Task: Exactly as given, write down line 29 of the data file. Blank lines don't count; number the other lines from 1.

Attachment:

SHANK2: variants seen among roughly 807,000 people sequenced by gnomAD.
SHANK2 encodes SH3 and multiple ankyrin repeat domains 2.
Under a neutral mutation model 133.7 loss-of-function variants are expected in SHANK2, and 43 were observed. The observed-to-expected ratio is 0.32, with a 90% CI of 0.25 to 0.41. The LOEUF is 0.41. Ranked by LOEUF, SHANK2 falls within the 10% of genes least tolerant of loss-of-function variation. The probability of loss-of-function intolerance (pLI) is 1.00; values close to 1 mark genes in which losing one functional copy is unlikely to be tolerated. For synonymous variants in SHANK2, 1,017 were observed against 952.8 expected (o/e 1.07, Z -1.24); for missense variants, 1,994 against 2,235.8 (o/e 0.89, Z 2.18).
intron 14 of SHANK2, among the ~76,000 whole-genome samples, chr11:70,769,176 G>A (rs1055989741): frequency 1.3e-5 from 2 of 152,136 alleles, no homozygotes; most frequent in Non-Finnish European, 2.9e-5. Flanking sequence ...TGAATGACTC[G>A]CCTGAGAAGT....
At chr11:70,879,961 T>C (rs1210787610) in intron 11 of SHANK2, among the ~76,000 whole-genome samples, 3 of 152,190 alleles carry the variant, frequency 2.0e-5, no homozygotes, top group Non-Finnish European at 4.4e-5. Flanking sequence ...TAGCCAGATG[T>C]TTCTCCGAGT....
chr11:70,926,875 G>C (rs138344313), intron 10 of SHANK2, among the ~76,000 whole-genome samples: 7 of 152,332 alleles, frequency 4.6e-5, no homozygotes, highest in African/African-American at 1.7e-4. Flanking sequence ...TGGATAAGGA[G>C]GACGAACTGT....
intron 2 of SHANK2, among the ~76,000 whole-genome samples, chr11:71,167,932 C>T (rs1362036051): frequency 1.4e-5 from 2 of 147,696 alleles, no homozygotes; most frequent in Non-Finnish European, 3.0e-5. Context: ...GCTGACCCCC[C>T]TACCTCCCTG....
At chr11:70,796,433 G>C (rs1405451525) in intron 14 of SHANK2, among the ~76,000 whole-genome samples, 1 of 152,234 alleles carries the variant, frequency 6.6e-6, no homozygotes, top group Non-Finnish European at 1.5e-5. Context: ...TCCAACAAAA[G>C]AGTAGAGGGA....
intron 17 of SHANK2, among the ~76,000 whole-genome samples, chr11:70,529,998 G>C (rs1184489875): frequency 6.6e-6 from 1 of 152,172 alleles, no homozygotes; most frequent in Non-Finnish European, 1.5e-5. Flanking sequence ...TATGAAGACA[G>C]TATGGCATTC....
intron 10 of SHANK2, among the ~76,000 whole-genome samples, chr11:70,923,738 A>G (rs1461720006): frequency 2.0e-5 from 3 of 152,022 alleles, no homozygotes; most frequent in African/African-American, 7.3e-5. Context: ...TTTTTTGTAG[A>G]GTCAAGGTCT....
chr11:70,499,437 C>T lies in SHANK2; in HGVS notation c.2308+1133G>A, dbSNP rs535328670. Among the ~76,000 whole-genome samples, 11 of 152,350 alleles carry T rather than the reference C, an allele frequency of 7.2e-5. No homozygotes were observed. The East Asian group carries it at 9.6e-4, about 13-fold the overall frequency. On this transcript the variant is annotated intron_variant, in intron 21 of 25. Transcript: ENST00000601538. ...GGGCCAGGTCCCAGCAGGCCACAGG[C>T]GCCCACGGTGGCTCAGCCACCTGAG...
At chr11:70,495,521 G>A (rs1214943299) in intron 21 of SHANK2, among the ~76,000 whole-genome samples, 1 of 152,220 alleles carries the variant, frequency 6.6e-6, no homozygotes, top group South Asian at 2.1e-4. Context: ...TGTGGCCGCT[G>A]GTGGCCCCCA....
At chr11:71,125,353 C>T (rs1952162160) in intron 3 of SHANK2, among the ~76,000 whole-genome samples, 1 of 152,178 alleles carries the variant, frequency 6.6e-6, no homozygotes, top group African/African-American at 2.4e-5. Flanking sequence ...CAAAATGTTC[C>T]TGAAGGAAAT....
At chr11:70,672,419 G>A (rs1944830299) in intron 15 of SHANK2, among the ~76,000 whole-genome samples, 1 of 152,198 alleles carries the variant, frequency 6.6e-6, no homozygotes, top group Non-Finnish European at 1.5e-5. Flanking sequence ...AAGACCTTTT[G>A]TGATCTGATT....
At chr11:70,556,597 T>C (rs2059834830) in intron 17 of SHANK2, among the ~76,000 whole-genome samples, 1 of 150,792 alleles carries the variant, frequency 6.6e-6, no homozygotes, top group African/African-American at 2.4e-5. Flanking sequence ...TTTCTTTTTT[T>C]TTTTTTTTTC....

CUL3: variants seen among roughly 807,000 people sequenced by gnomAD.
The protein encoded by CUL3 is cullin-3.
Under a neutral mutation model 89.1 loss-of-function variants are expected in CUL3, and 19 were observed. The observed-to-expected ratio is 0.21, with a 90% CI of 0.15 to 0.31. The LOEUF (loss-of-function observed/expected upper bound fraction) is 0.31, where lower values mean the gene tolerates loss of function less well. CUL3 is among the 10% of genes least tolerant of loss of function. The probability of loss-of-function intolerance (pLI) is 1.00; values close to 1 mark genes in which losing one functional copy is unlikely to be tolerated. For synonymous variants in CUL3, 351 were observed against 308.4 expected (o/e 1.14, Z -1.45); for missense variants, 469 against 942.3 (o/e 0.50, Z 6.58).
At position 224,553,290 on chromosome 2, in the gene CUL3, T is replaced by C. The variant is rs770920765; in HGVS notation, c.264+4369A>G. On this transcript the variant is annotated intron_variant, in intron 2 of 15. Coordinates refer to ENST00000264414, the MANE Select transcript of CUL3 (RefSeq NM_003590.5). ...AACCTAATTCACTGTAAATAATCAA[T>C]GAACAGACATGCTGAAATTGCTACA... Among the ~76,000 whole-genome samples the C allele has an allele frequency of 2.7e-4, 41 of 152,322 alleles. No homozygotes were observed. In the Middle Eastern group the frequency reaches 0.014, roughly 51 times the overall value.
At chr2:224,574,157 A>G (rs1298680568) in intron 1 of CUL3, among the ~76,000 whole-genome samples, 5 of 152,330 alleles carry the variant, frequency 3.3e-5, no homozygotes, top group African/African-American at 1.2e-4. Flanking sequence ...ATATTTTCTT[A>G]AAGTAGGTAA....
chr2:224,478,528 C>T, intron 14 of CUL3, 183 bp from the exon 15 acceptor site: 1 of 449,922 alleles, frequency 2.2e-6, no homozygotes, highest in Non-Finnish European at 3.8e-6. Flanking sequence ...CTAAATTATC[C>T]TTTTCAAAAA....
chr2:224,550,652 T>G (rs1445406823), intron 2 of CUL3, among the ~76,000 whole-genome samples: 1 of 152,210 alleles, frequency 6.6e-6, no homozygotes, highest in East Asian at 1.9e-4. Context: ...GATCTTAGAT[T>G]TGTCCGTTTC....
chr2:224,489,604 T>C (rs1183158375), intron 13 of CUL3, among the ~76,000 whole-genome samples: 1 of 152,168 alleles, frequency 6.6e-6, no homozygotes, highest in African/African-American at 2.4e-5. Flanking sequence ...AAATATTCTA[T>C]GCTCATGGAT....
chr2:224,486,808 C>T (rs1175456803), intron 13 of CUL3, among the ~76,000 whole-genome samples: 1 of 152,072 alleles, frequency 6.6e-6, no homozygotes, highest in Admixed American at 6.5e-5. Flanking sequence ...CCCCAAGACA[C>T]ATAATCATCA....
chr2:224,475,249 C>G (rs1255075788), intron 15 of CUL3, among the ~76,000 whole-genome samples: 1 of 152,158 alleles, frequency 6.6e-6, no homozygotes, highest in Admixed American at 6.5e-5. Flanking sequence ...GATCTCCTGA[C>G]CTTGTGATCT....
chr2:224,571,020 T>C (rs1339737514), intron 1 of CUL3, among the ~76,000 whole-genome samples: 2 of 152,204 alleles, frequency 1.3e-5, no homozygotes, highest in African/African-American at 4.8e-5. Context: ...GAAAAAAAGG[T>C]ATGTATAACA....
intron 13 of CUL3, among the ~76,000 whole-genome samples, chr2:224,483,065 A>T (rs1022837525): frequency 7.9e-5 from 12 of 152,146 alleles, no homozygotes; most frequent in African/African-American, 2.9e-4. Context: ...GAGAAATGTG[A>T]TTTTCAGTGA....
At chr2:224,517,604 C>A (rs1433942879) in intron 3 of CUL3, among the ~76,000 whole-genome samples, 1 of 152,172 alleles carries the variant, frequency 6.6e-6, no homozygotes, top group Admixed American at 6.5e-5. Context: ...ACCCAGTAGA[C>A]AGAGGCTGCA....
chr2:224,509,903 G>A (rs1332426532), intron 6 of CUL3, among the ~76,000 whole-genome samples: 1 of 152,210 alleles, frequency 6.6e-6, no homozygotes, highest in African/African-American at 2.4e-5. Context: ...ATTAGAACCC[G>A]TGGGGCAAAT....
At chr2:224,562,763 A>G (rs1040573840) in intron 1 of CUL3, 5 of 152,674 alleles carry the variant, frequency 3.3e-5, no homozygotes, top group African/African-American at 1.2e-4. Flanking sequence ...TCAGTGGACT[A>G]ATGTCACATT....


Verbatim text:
chr2:224,509,903 G>A (rs1332426532), intron 6 of CUL3, among the ~76,000 whole-genome samples: 1 of 152,210 alleles, frequency 6.6e-6, no homozygotes, highest in African/African-American at 2.4e-5. Context: ...ATTAGAACCC[G>A]TGGGGCAAAT....